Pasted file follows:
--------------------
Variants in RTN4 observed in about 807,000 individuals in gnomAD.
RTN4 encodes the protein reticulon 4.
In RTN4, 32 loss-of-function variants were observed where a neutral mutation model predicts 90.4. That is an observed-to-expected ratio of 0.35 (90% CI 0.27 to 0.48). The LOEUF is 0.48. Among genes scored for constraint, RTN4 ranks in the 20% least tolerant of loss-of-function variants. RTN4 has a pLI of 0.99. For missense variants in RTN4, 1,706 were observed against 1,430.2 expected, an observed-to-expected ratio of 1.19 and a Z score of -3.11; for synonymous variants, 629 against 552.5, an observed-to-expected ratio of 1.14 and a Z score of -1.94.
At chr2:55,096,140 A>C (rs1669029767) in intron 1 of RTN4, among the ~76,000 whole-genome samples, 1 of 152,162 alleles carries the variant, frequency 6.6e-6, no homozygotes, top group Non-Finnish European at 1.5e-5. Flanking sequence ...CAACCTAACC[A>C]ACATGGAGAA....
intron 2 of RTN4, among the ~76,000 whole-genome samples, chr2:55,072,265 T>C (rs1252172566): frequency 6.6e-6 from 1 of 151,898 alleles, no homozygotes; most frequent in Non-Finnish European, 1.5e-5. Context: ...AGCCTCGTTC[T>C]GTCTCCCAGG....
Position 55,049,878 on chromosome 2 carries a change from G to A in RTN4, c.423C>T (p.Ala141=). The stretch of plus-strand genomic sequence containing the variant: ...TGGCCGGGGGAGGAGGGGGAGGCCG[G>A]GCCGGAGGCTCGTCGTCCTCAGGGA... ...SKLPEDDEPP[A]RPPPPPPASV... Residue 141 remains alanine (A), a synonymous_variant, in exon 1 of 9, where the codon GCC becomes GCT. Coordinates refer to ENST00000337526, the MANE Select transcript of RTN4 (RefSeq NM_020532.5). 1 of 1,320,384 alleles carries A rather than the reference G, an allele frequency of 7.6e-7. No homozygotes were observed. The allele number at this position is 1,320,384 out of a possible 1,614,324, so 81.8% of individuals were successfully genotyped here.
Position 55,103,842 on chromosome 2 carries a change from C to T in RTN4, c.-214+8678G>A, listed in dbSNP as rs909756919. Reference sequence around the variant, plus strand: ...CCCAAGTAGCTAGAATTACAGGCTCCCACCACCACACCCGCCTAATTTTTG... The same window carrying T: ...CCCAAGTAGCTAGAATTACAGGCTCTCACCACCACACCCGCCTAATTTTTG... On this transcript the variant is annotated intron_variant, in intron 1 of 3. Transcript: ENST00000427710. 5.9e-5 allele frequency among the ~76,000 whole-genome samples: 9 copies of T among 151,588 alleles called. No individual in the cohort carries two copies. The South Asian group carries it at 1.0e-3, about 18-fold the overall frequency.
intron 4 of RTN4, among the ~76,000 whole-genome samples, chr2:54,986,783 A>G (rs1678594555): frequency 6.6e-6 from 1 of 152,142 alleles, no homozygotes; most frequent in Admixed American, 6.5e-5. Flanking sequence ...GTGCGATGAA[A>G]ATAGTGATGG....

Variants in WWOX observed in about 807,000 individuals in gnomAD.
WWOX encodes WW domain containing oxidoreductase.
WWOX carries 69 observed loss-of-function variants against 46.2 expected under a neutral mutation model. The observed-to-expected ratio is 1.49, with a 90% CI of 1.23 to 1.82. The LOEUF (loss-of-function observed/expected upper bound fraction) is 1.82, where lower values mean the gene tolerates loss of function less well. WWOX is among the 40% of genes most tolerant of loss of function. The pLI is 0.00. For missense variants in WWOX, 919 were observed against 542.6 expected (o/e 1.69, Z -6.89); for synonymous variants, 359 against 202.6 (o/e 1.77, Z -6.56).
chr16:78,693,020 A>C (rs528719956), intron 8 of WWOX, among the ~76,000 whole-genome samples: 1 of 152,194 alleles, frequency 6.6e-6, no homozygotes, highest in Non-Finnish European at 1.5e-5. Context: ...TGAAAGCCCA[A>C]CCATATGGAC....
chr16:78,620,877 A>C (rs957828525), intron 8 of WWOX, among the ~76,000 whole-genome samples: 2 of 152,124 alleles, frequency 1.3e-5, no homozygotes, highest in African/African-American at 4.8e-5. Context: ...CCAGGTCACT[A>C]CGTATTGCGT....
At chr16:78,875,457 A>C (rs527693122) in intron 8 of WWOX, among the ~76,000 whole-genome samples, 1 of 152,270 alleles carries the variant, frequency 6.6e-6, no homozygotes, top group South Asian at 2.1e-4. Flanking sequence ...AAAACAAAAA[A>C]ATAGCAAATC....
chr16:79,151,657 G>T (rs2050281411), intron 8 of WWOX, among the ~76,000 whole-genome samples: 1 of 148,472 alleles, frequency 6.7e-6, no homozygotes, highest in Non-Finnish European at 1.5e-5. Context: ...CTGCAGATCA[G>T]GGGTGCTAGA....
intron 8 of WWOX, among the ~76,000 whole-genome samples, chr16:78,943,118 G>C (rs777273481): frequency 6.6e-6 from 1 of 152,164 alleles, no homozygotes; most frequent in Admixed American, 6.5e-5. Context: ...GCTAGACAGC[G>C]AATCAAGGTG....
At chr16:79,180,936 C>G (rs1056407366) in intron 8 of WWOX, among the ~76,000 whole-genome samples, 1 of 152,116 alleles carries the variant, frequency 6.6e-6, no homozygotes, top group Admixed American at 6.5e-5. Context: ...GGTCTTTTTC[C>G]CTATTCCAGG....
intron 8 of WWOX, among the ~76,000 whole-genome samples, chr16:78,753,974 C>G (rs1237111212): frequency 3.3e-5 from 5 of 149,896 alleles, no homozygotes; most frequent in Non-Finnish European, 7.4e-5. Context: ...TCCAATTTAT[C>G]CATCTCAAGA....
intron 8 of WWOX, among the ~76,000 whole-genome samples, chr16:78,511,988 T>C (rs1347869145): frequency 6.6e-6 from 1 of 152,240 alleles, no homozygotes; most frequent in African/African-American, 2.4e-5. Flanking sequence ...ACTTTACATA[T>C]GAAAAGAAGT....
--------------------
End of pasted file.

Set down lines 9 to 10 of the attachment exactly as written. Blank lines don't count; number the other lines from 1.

Variants in WWOX observed in about 807,000 individuals in gnomAD.
WWOX encodes WW domain containing oxidoreductase.